Felipa’s beloved grandmother, Abuelita, has died. Felipa miser her terribly and is very sad. Her parents try to comfort Felipa. They tell her that the souls of the dead live on forever. So Felipa decides to find Abuelita’s soul. But where is it? She asks her grandmother’s donkey, her pig, and her llamas for help. She treks many miles to the highest mountain, but grandmother’s soul is nowhere to be found. Then, months later, the entire village is bustling with preparations for the Day of the Dead. Felipa joins in the celebrations honoring loved ones who have died, and in the process finally finds Abuelita’s soul.

Un Barrilete: A Kite for the Day of the Dead

written by Elisa Amado

In Guatemala, there is a village called Santiago Sacatepéquez. It is a very small but famous place because once a year, on the day of the Day of the Dead, the people of Santiago fly some of the biggest kites in the world. As large as seven meters (twenty-three feet) wide, they fill the sky over the cemetery with brilliant colors.

The Spirit of Tio Fernando

written by Janice Levy

It’s the Day of the Dead and Nando and his mother are going to honor Tío Fernando. Nando, named for Uncle Fernando, listens as his mother tells him that later, at the cemetery, they will meet with Tío Fernando’s spirit.

The Dead Family Diaz

written by P.J. Bracegirdle

Every skeleton in the Land of the Dead is excited to celebrate el Día de los Muertos with the Living. But not Angelito. His big sister has told him all about their horrifying bulgy eyes and squishy skin. So when Angelito is separated from his family in the Land of the Living, he’s petrified—until he makes a new friend.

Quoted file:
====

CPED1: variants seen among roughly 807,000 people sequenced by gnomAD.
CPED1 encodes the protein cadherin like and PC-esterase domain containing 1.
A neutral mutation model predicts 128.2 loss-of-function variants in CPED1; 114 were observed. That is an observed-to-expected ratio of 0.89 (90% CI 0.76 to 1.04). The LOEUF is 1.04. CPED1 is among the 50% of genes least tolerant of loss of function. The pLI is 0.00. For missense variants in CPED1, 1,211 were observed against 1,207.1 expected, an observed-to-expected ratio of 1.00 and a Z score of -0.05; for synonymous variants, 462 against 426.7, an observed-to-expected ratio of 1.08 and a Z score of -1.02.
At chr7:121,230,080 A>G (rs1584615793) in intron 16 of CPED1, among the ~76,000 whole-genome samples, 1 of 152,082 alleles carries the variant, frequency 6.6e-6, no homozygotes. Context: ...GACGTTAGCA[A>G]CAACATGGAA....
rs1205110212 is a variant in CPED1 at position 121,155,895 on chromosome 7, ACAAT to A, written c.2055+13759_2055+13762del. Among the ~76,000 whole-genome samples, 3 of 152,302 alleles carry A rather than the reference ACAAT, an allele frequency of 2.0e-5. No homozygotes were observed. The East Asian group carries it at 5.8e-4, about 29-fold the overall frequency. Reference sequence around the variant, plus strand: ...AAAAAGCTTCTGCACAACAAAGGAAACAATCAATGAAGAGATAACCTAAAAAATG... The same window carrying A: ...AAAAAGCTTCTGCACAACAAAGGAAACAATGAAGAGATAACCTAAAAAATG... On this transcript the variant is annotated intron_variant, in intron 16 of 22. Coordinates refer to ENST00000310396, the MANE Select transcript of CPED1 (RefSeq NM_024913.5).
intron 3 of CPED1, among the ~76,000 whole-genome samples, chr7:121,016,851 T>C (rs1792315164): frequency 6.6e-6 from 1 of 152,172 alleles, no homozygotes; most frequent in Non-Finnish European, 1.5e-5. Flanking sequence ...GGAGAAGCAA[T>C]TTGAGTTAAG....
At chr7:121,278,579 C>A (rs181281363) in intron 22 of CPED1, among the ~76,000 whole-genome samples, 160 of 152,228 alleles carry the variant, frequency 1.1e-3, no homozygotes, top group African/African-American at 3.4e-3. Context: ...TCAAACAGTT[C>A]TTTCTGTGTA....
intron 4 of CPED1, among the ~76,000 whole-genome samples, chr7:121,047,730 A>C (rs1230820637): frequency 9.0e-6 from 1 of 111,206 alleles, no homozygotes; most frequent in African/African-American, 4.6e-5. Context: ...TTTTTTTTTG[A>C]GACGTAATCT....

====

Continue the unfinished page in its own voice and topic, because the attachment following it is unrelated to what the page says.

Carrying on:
The Remembering Day ~ El Dia de los Muertos

written by Pat Mora

Long ago in what would come to be called Mexico, as Mama Alma and her granddaughter, Bella, recall happy times while walking in the garden they have tended together since Bella was a baby, Mama Alma asks that after she is gone her family remember her on one special day each year. Includes facts about The Remembering Day, El dia de los muertos.

Days of the Dead

Written by Kersten Hamilton

Glorieta Magdalena Davis Espinosa is happy that Papi married Alice. She’s happy that he can smile again after years of mourning Mamá. But the urn containing Mamá’s ashes disappeared into a drawer the day Alice moved in.

Maria Molina and the Days of the Dead

written by Kathleen Krull

In Mexico, Maria and her family celebrate Los Dâias de los Muertos, The Days of the Dead. Includes a recipe for pan de los muertos.

Uncle Monarch and the Day of the Dead

written by Judy Goldman